Reply to Putignani et al.: Vagina as a major source of natural inoculum for the newborn
Proceedings of the National Academy of Sciences of the United States of America
We thank Putignani et al. (1) for their insightful comments on our work describing the initial microbiotas of newborns at the time of delivery (2). Ravel et al. (3) recently reported that vaginal communities not dominated by lactobacilli but by strictly anaerobic bacteria were common in healthy black and Hispanic women. We, therefore, suggest that poor representation of lactobacilli is not necessarily pathologic. The physicians involved in our study reported healthy pregnancies and no symptoms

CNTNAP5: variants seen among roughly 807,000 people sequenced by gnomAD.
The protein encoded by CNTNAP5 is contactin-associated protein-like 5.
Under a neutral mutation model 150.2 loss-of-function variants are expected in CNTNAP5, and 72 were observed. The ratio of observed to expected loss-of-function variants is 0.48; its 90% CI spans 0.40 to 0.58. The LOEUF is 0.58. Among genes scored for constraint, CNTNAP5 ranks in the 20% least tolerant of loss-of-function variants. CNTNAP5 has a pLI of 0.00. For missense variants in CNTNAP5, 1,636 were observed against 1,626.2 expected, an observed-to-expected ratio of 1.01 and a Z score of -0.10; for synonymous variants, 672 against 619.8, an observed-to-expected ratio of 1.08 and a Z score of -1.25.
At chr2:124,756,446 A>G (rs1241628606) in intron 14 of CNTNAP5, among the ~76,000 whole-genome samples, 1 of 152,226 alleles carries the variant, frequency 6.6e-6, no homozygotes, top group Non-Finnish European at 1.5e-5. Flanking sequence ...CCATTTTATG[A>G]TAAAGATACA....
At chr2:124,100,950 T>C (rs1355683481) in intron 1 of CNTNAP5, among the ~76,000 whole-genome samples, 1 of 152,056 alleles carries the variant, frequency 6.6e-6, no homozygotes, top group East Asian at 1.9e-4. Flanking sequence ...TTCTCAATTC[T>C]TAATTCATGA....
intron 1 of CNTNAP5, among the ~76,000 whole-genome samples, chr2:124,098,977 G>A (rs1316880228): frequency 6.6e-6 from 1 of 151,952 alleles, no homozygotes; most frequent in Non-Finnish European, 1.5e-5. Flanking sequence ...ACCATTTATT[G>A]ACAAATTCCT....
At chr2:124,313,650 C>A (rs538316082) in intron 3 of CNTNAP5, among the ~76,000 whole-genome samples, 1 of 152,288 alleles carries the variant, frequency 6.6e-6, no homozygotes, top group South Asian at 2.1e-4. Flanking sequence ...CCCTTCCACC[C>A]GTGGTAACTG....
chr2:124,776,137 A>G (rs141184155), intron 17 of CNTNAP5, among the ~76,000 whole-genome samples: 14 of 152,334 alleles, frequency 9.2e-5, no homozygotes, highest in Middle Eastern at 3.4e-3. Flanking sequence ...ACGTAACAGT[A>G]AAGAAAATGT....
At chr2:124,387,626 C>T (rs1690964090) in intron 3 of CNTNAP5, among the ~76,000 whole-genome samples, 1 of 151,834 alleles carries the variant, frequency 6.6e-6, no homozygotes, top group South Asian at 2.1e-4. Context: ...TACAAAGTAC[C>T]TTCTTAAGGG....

... es and no symptoms of bacterial vaginosis. We agree with Putignani et al. (1) that the maternal fecal microbiota may also serve as a source of anaerobic bacteria and could be transferred more readily to vaginal than to caesarean section (C-section)-delivered newborns. Indeed, several culturebased studies have revealed a higher rate of early colonization by Bacteroides in vaginal deliveries (4), and in our study, vaginal and C-section deliveries resulted in 0.54% and 0.004%, respectively, representation by Bacteroides on average. However, Bacteroides can also be found at low abundances in the vagina and on skin, underscoring the difficulty in defining a sole source for these bacteria. We had to restrict our sampling to the approved protocol, which did not include maternal fecal samples. We have reanalyzed our data and incorporated fecal samples from healthy adults from a previous study (5), and we found that the initial microbiotas of vaginally delivered babies were, on average, more similar to vaginal than to gut microbiotas (Fig. 1) . In our study, samples were taken within 15 min of delivery, and the results for C-section-delivered babies were consistent with the reported presence of skin microbes in indoor hospital environments (6). We did not measure the consumption of colostrum by the babies during the first 24 h of life. We agree that future studies with much broader environmental sampling could be informative for tracking the sources of our earliest inocula. In relation to cephalosporin administration "several hours" before the C-section (2), we did not have any input into the routine procedures of physicians at the study site, and our protocol simply allowed us to record how and what antibiotic was applied. Finally, we do believe that differences in developmental microbiota may lead to differences in microbiota/disease risks, but this was beyond the scope of our work. We believe that not enough direct evidence has yet been generated showing an association between the establishment of bacterial diversity early in infancy and the individual's risk for adult diseases, particularly cardiovascular diseases. We agree with a call for a large cohort study with detailed ongoing sampling of babies, family members, physicians, and environment. Much remains to be discovered about the principles of community assembly of the human microbiome.